While several American utilities have expressed interest in constructing new nuclear generation powerplants, no new nuclear generation station has been placed in service in the USA since 1979.

When President Reagan was elected in 1980, interest rates on mortgages in the USA were generally "decent", about 7%. Shortly after his inauguration, President Reagan started the USA on a wild expenditure to rebuild the US Military. By 1984 the US Federal deficit was about $350 billions each year and interest rates that electric utilities were paying for borrowed capital reached 20%. Soon it became obvious that any electric utility which had an incomplete powerplant still under construction at that time would be seeking protection from its creditors.

Late in 1984 I was one of two individuals in the corporation for which I worked assigned to determine how much money had been invested by a consortium of three utilities that were constructing a nuclear powerplant at Sandusky, Ohio. Sandusky is located about one-third of the distance between Toledo and Cleveland between Interstate 80 and Lake Erie. The consortium had invested about $6 billions and were seeking protection from their creditors.

On August 14, 2003 there was a blackout which affected most of Ontario, New York State, Ohio, and parts of Michigan. This blackout lasted several days. By placing a Google Alert on Electric Power I was able to learn that the blackout was due to failure of "FIRST ENERGY" to trim trees along one of its rights-of-way. Electrical engineers have known for at least a century that utilities must trim trees so I put a Google Alert on FIRST ENERGY. Not long after that, I learned several things:
(1) FIRST ENERGY owned the nuclear powerplant at Sandusky
(2) FIRST ENERGY had been granted permission to discharge more than 100 employees at the Sandusky powerplant
(3) FIRST ENERGY has been charging homeowners $200 per month to be connected to their system and that does not include the cost of energy....

I had known that there were "very friendly" relations between the Investor Owned Utilities of the USA and the Republican Party for many years. To give you a better picture...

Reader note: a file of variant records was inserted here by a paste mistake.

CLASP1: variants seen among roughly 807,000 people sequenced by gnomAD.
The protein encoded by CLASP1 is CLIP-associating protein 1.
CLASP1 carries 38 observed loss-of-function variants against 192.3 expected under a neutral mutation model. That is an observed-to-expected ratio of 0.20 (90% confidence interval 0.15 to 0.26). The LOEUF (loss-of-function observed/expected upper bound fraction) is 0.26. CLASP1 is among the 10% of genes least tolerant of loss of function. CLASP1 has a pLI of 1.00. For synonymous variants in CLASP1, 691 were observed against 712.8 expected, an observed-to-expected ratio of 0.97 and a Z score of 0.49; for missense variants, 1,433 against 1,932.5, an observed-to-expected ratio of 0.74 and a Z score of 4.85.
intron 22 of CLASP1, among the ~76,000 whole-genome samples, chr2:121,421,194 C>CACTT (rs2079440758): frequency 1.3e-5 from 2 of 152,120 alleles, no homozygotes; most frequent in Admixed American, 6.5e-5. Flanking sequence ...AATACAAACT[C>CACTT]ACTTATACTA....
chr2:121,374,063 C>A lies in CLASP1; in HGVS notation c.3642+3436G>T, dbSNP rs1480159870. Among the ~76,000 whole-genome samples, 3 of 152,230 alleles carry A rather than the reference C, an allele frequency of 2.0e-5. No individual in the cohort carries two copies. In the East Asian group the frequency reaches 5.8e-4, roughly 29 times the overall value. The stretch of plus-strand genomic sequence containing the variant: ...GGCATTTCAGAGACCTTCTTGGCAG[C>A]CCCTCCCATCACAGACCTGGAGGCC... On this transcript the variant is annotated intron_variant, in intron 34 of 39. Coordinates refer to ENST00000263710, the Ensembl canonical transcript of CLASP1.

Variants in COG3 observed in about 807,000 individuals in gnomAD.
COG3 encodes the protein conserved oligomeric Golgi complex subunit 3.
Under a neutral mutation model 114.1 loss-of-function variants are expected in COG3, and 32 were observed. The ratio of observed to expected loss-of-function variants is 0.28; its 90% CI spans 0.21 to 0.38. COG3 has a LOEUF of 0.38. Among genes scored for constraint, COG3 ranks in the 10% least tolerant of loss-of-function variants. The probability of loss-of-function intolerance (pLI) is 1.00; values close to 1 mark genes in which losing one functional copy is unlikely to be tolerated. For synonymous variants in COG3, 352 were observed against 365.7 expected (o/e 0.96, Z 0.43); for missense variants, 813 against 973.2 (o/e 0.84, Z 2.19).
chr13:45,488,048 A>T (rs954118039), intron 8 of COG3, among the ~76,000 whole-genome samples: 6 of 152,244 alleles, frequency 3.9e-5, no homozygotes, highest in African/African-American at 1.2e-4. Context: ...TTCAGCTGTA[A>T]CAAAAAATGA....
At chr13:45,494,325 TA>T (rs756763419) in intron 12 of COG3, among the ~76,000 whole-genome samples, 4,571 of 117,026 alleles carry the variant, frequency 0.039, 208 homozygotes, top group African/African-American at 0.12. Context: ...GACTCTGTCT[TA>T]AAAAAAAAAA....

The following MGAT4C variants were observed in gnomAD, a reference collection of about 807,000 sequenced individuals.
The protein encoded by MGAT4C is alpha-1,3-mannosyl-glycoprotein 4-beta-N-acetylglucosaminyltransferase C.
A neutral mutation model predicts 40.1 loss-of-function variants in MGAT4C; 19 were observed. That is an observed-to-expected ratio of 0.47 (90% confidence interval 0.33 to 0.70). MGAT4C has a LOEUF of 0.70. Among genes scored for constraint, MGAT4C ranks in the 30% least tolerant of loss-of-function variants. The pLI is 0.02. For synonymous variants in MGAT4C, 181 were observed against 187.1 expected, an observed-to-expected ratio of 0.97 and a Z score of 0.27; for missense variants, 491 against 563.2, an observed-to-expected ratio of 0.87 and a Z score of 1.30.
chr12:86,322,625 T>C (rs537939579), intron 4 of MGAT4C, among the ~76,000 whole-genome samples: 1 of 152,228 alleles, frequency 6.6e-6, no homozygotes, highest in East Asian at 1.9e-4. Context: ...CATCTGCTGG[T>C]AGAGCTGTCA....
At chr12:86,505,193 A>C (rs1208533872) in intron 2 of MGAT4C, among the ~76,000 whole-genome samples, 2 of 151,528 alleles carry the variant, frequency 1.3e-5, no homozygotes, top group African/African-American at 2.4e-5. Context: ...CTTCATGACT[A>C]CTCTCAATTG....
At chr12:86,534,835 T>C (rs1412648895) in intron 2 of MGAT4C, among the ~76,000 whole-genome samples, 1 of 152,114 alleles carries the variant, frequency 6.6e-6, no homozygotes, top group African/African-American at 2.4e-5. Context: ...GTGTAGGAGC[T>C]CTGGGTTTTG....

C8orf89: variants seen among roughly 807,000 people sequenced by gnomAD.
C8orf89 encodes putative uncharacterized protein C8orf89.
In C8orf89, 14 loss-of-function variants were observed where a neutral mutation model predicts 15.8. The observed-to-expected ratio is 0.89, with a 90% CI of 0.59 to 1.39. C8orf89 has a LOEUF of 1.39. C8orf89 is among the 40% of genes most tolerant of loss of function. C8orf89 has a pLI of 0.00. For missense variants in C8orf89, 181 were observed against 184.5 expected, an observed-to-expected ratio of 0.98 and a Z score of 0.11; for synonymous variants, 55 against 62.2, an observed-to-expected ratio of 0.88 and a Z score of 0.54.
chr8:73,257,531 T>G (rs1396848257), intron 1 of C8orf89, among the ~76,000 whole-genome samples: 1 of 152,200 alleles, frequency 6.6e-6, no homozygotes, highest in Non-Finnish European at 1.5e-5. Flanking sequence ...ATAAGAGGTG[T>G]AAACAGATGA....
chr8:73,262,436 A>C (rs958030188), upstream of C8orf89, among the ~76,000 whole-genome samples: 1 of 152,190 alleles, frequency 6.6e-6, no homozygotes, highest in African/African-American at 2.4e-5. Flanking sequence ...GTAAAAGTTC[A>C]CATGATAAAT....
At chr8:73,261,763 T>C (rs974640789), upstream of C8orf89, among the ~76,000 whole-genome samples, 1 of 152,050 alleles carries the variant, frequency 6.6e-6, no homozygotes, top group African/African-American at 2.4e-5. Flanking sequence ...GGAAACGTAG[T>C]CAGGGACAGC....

One of the men who contested with FDR for President of the USA was Wendell Wilkie. Before Mr. Wilkie entered politics he had been CEO of the Commonwealth and Southern Group. One member company of that Group did the engineering and design duties for the whole Group and later was known as Commonwealth Associates, Inc. which employed me from 1971 until 1986.

Before the "crash" of November 1929, investor owned utilities had been borrowing money leaving the impression with the banks that the money would be invested in generation, distribution, and transmission facilities but invested the money in real estate.

In 1935 the US Congress passed the "Public Utilities Holding Companies Act of 1935". If the Holding Company had connected the various entities together by transmission lines, PUHCA permitted the Holding Company to continue to operate as such; otherwise the Holding Company was forced to dissolve and the individual Public Utilities were forced to operate independently under the supervision of the Securities and Exchange Commission. The Commonwealth and Southern Group was one that was affected by PUHCA.

The "Southern" part of the Commonwealth and Southern Group still operates as the Southern Corporation but the "Commonwealth" part is now called Consumers Power. I doubt if I knew anyone that was employed in the Southern Corporation but I knew several who were employed by Consumers Power.

About the middle of 2005 Congress repealled PUHCA.

My point? Do not expect the Investor Owned Utilities of the USA to criticize, publicly, the economic policies of a Republican administration. Privately it may be done, however, and Kenneth Lay, former boss of Enron, apparently had a private meeting with Vice President Richard Cheney for that purpose.